September 3, 2023 . . .“Bible prayers: Hezekiah prays for a longer life” II Kings 20:1-3

September 3, 2023 . . .“Bible prayers: Hezekiah prays for a longer life” II Kings 20:1-3

September 03, 2023

“Bible prayers: Hezekiah prays for a longer life”

II Kings 20:1-3

Grace to you and peace from God our Father and from our Lord and Savior Jesus.

Born ninety-seven years ago, back in July of 1926, Elisabeth Kübler-Ross was an author, teacher, and world-renowned Swiss-American psychiatrist. In 2007, she was inducted into the National Women’s Hall of Fame, and in 1999 was named by Time magazine as one of the “100 Most Important Thinkers” of the 20th century.

And over her seventy-eight years of life, she taught as many as 125,000 students and wrote twenty books that have since been translated into forty-four different languages!

But the one book for which she’s known best of all is her very first one, the one she called On Death and Dying. It’s a book not really about how to manage death, but one that talks about death from the dying person’s point of view--about their hopes and fears, and their anger and anxieties.

And in that book, she outlined what she believed to be the five stages of grief, what she called, “a patient-focused, death-adjustment pattern,” that included first denial, followed by anger, bargaining, depression, and finally acceptance. And while she readily understood that not everyone went through all five stages in the same, exact order, that framework was a way, she said, to cope with life and loss.

She wrote, “It’s only when we truly know and understand that we have a limited time on earth--and that we have no way of knowing when our time is up, we will then begin to live each day to the fullest, as if it was the only one we had.” And she said, “If you were to shield the canyons from the windstorms, you would never see the true beauty of their carvings.”

The Bible is full of death and dying. In fact, the book of Genesis chapter 5 is almost a litany about death and dying. Verse 5 says: “Thus all the days that Adam lived were 930 years, and he died.” Verse 8: “Thus all the days of Seth were 912 years, and he died.” Verse 11: “Thus all the days of Enosh were 905 years, and he died.” I could go on, but you get the idea.

Or think of the book of Psalms, like Psalm 103: “The life of mortals is like grass, they flourish like a flower of the field; the wind blows over it and it is gone, and its place remembers it no more” (Psalm 103:15-16). Or Psalm 116: “The cords of death entangled me; the anguish of the grave came over me; I was overcome by distress and sorrow” (Psalm 116:3). Or, of course, the words of Psalm 23: “Yea, though I walk through the valley of the shadow of death, I will fear no evil, for You are with me” (Psalm 23:4).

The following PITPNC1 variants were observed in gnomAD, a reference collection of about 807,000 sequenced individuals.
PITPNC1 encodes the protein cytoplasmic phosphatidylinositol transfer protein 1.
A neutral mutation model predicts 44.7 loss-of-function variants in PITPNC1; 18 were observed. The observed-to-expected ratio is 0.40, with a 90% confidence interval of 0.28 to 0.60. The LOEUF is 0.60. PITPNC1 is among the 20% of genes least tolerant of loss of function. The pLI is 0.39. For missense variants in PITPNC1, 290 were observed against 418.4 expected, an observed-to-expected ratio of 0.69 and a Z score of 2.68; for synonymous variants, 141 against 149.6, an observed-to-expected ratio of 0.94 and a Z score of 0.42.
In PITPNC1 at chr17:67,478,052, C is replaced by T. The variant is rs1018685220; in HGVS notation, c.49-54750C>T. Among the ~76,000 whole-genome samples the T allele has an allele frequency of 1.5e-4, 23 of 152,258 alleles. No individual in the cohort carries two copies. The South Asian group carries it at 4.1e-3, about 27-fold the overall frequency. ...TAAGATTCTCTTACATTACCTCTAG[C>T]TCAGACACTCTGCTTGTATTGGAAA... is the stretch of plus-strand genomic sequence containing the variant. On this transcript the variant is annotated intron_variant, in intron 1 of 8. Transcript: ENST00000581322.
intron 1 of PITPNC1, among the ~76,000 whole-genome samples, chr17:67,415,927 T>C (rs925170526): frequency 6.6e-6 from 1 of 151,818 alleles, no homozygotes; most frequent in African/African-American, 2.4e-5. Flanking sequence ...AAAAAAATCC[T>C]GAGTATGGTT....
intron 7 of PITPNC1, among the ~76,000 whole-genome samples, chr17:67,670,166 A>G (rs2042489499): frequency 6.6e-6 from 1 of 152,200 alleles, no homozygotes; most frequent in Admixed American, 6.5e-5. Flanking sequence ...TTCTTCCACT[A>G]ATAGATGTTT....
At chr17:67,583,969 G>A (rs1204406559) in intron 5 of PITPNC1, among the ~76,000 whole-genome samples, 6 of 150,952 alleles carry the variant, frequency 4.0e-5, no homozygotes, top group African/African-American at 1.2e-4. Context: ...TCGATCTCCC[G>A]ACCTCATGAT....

And in the book of II Kings, we hear about a man who also was about to die, a king named Hezekiah. As it says in chapter 20: “In those days Hezekiah became sick and was at the point of death. And Isaiah the prophet the son of Amoz came to him and said to him, ‘Thus says the Lord, “Set your house in order, for you shall die; you shall not recover”’” (II Kings 20:1).

So who was Hezekiah? Simply enough, he was a king who reigned over the southern kingdom of Judah right about seven hundred years before Christ. And he was a good king, a remarkable king, a bright, shining light in the midst of deep darkness.

You see, while his grandfather, Jotham, was a good king, his father, Ahaz, definitely was not. The Bible says that not only did he sacrifice his own sons to Molech (II Kings 16:3), he tore apart the temple and its furnishings (II Kings 16:17-18), and he built altars on every street corner to foreign gods (II Chronicles 28:24-25).

Then if all that wasn’t bad enough, he made a deal with one of Israel’s most hated and treacherous enemies, the king of Assyria, that would eventually cost his nation millions upon millions of dollars.

Needless to say, his sixteen years of reign were a complete and utter disaster.

So by the time his son, Hezekiah, became king, at the ripe old age of twenty-five, he inherited a country that was up against a wall and on its knees, that had wandered far from God and now lay under the thumb of the king of Assyria.

But wonder of wonders, just as soon as Hezekiah became king, he completely turned his nation around! He reopened the temple, he reassembled all the priests and Levites, he shut down all idol worship, he stood up against the king of Assyria, and he almost managed to reunite the nation of Israel.

Later, the Bible says, “And he did what was right in the sight of the Lord, according to all that his father David had done. He trusted in the Lord God of Israel, so that after him was none like him among all the kings of Judah, nor who were before him” (II Kings 18:3, 5).

And because he was such a good and faithful king, God blessed him with financial prosperity, military victories, peace, and health.

As one commentator wrote, “More than just a man of accomplishments, Hezekiah was a man of character.”

Which makes the words of II Kings chapter 20 come as a complete surprise! I’ll read again the words of the text: “In those days Hezekiah became sick and was at the point of death. And Isaiah the prophet the son of Amoz came to him and said to him, ‘Thus says the Lord, “Set your house in order, for you shall die; you shall not recover”’” (II Kings 20:1).

I mean, think about it. Here he was, probably the best thing that’s happened to the nation of Israel in who-knows-how-many years. For the past fourteen years, he’s served the Lord and served His people, trying with all his heart to make his nation better. Even more, in a time when most people lived to the age of eighty, he wouldn’t even make it to forty.